The wildfire that has scorched more than 2,200 acres in Morgan County is completely contained as of Wednesday night. State forestry workers have said it is likely the fire was set intentionally.
The intense flames and smoke did not merely burn through wilderness. It inflicted serious damage to the livelihood of the Faust family.
Edgar Faust and his sons have deep roots on a 6,000-acre tract of hardwoods owned by their family since 1943. That's where their timber operation, the Emory River Land Company, has harvested hardwoods and been hailed as an example of environmental sustainability.
"We've done it for 73 years," said Edgar Faust as he pointed to a childhood photo of him planting a tree with his father. "We've done things here what I call 'the right way.' You take a long-term approach. When you harvest some, there's another group waiting to grow in their place."
Growing hardwood trees can take 60 to 80 years. Such a long-term investment comes with plenty of risk.
"My father used to call it, 'plant and pray.' You plant and you pray the trees won't get killed and the market will be good when it's time to harvest," said Faust. "There is absolutely no insurance when something happens to the trees. That's just the way it is."
For the last five days, Faust has prayed for rain or anything else to help save their trees. Faust and his sons have worked non-stop to help crews fight the flames as they jumped several fire lines and burned hundreds of acres.
"The fire crews have been working 16-hour days and working for about 45 days straight. They're working so hard and don't have any backup. There are so many fires in all of the surrounding counties, everyone is stretched thin," said Faust. "We've finally got it under control and I'm hoping we're in good shape."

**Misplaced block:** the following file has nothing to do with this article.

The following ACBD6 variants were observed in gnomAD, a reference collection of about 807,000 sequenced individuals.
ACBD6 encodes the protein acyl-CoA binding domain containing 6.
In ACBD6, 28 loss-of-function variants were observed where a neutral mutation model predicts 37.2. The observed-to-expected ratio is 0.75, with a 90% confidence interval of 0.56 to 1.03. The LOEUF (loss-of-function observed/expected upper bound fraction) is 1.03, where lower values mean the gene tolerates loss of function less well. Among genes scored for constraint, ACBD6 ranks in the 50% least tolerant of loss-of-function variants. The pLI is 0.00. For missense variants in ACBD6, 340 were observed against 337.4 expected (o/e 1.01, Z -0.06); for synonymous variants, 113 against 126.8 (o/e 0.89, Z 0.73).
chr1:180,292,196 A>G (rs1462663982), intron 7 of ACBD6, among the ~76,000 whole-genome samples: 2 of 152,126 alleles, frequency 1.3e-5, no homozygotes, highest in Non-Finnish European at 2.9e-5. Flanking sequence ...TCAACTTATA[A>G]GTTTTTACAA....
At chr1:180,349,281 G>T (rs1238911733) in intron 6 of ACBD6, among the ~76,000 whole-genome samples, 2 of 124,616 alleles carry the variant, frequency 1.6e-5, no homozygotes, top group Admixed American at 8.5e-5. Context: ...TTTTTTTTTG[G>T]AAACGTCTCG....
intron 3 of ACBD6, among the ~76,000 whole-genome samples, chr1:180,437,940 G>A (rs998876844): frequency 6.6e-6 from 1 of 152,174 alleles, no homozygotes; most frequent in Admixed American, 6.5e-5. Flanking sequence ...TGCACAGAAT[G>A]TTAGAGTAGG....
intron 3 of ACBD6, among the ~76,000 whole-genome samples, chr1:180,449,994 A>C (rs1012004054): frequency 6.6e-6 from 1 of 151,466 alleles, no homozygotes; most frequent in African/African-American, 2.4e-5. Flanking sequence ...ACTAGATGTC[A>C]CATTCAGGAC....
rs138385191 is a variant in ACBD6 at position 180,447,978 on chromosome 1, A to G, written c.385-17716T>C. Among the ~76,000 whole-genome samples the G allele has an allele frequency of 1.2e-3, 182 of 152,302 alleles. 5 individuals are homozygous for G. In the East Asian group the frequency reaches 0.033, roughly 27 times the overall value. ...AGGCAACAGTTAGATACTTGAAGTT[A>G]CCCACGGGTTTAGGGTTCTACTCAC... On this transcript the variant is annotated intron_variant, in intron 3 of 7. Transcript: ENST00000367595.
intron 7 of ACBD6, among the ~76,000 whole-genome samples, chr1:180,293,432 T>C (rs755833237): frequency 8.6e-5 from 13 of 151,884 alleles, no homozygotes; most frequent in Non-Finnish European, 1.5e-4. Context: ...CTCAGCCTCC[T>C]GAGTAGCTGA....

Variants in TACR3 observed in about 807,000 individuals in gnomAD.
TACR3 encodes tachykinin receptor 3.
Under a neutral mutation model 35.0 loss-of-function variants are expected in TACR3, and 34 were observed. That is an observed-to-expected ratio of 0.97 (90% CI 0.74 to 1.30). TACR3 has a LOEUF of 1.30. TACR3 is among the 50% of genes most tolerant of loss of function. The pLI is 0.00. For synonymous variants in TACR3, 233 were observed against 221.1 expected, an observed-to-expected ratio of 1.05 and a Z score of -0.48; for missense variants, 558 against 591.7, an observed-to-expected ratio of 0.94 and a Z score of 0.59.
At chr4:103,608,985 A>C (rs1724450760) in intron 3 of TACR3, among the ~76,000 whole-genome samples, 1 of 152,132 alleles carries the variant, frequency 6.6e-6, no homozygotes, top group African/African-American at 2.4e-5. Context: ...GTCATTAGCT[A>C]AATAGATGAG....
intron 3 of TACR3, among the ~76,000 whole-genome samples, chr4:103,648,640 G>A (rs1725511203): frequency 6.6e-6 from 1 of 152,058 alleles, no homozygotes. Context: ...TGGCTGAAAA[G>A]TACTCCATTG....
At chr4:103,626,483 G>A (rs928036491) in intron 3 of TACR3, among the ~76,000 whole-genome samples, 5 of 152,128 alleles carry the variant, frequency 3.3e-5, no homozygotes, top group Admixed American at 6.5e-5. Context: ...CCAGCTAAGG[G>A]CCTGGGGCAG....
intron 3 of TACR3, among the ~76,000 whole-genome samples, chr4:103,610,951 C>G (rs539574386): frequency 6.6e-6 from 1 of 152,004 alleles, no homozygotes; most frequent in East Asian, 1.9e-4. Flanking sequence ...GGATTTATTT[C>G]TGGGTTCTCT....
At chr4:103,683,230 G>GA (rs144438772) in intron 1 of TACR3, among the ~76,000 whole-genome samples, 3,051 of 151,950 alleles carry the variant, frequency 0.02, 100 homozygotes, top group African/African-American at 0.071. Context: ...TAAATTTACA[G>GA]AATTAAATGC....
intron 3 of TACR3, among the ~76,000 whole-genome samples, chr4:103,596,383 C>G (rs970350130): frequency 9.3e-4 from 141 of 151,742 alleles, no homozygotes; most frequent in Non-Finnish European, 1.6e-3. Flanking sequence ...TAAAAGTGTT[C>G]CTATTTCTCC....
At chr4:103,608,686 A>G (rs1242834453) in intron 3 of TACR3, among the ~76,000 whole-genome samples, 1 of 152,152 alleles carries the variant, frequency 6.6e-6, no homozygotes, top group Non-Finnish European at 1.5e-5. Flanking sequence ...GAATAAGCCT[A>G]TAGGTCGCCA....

Now that the fire is under control, what's really burning Faust is the likelihood of arson.
"When it's arson, it puts a different taste in your mouth. If it was a lightning strike, you could live with that because that's nature. When the fires are set, when it's an arson fire, it makes you madder than hell," said Faust.
"It hits me in the gut," said Edgar Faust's son, Hugh Faust, who helps manage the property. "It's not like a corn crop where if you get a drought, each spring you can start over. I mean these trees have been growing 60 to 70 years. It's difficult. It just hurts to see them burn up."
For now, the Fausts just hope the fire remains contained with no additional damage to their family trees.
"It takes 60 to 80 years to grow a hardwood tree and you can destroy it with a match in an hour. To get these stands of trees, it took a lot of work. It is our livelihood," said Edgar Faust.